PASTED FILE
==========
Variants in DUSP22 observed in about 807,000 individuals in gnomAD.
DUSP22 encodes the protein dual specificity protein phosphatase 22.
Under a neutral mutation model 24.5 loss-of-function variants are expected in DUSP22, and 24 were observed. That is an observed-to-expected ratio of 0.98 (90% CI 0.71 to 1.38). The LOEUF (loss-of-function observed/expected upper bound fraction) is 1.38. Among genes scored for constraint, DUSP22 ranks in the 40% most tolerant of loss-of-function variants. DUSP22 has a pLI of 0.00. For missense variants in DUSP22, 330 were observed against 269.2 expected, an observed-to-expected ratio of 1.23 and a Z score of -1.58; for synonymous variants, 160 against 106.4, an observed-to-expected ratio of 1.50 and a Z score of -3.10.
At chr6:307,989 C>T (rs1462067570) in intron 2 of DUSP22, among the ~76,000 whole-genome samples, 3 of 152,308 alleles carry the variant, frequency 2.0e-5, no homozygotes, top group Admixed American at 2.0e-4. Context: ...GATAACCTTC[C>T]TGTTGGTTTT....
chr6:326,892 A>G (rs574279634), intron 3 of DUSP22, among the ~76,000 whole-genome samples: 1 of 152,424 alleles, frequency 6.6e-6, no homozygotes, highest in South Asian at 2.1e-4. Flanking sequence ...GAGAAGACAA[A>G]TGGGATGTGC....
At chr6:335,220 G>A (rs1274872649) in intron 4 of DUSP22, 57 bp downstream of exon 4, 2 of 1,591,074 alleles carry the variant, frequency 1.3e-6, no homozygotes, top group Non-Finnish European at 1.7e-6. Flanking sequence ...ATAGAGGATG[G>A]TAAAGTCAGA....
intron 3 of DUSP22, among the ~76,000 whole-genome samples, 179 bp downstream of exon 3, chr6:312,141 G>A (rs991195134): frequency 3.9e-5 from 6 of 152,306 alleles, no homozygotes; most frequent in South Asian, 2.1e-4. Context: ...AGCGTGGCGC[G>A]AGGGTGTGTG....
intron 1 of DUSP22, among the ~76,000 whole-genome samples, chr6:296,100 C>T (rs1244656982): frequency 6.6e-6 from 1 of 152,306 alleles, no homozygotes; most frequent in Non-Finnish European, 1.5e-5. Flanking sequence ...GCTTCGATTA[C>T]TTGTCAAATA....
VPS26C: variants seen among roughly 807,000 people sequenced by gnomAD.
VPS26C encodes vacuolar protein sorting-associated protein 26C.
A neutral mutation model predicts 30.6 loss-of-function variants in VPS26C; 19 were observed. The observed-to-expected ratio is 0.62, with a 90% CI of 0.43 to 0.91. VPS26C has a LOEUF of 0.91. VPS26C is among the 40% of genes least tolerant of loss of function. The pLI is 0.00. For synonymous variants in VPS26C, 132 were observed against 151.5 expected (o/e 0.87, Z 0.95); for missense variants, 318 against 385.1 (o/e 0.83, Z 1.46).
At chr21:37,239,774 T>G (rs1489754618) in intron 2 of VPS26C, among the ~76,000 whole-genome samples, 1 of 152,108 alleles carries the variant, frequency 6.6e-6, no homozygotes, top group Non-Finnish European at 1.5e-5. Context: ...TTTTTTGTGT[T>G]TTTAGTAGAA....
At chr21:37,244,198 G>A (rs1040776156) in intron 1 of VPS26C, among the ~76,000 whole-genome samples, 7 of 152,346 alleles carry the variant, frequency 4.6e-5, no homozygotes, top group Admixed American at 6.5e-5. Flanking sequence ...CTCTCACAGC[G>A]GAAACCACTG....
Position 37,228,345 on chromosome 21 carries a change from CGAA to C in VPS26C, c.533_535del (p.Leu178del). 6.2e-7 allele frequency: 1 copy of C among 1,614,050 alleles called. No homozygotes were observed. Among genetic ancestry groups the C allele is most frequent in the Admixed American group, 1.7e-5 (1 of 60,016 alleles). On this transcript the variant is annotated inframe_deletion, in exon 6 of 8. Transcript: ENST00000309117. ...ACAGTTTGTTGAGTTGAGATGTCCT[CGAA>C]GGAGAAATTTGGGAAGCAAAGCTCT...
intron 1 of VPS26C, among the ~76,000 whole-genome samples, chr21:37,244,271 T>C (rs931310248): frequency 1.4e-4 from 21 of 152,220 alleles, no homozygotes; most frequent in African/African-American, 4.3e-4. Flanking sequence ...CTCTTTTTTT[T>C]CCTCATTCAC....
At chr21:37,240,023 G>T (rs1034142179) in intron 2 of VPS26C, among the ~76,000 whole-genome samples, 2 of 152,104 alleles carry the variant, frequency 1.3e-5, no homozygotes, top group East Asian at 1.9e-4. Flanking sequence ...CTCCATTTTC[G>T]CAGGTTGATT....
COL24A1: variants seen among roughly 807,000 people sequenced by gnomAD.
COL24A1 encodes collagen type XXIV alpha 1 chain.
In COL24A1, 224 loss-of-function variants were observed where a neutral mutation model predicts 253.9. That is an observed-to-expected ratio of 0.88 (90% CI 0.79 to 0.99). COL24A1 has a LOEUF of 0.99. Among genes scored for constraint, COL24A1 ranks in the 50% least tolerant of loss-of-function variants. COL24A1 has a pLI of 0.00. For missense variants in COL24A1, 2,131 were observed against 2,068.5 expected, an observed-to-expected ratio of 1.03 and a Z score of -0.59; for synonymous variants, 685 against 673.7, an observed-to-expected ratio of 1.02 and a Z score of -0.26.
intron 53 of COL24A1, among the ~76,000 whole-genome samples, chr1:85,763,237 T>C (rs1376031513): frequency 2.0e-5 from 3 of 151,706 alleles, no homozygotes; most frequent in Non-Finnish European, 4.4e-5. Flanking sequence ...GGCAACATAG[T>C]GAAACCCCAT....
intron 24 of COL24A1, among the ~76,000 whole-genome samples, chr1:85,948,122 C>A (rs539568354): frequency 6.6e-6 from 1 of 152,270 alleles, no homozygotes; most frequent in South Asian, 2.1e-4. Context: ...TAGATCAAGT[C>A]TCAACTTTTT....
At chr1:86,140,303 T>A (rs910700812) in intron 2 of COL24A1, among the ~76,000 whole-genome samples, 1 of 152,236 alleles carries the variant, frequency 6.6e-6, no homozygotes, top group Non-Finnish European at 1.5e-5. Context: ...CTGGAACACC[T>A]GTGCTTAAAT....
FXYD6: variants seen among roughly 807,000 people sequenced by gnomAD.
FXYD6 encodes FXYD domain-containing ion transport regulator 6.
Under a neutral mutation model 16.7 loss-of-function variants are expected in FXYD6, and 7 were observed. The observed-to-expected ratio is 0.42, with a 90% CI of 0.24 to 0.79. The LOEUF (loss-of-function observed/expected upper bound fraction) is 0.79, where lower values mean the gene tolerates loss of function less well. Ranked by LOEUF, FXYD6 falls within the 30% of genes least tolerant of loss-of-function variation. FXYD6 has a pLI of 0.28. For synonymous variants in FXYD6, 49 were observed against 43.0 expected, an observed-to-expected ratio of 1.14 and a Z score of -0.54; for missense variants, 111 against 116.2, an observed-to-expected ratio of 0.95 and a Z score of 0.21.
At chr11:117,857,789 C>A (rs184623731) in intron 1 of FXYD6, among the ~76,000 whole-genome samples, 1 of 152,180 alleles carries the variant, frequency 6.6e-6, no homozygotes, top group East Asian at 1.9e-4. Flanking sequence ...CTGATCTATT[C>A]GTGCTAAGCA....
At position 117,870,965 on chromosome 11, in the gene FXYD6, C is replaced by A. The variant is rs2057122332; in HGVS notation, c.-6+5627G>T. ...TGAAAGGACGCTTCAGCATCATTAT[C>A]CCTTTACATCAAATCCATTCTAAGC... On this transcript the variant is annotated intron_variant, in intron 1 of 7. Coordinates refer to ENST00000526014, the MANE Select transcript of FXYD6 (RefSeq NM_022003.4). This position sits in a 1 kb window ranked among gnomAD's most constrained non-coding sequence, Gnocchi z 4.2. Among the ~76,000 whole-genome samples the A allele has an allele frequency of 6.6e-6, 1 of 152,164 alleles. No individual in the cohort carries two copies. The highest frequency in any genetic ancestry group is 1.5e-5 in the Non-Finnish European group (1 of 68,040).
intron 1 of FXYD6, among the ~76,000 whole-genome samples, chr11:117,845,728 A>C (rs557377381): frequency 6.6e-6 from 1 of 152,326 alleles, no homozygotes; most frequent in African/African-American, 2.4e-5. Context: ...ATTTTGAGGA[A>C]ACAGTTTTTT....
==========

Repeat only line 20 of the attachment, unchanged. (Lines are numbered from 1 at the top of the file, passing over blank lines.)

intron 53 of COL24A1, among the ~76,000 whole-genome samples, chr1:85,763,237 T>C (rs1376031513): frequency 2.0e-5 from 3 of 151,706 alleles, no homozygotes; most frequent in Non-Finnish European, 4.4e-5. Flanking sequence ...GGCAACATAG[T>C]GAAACCCCAT....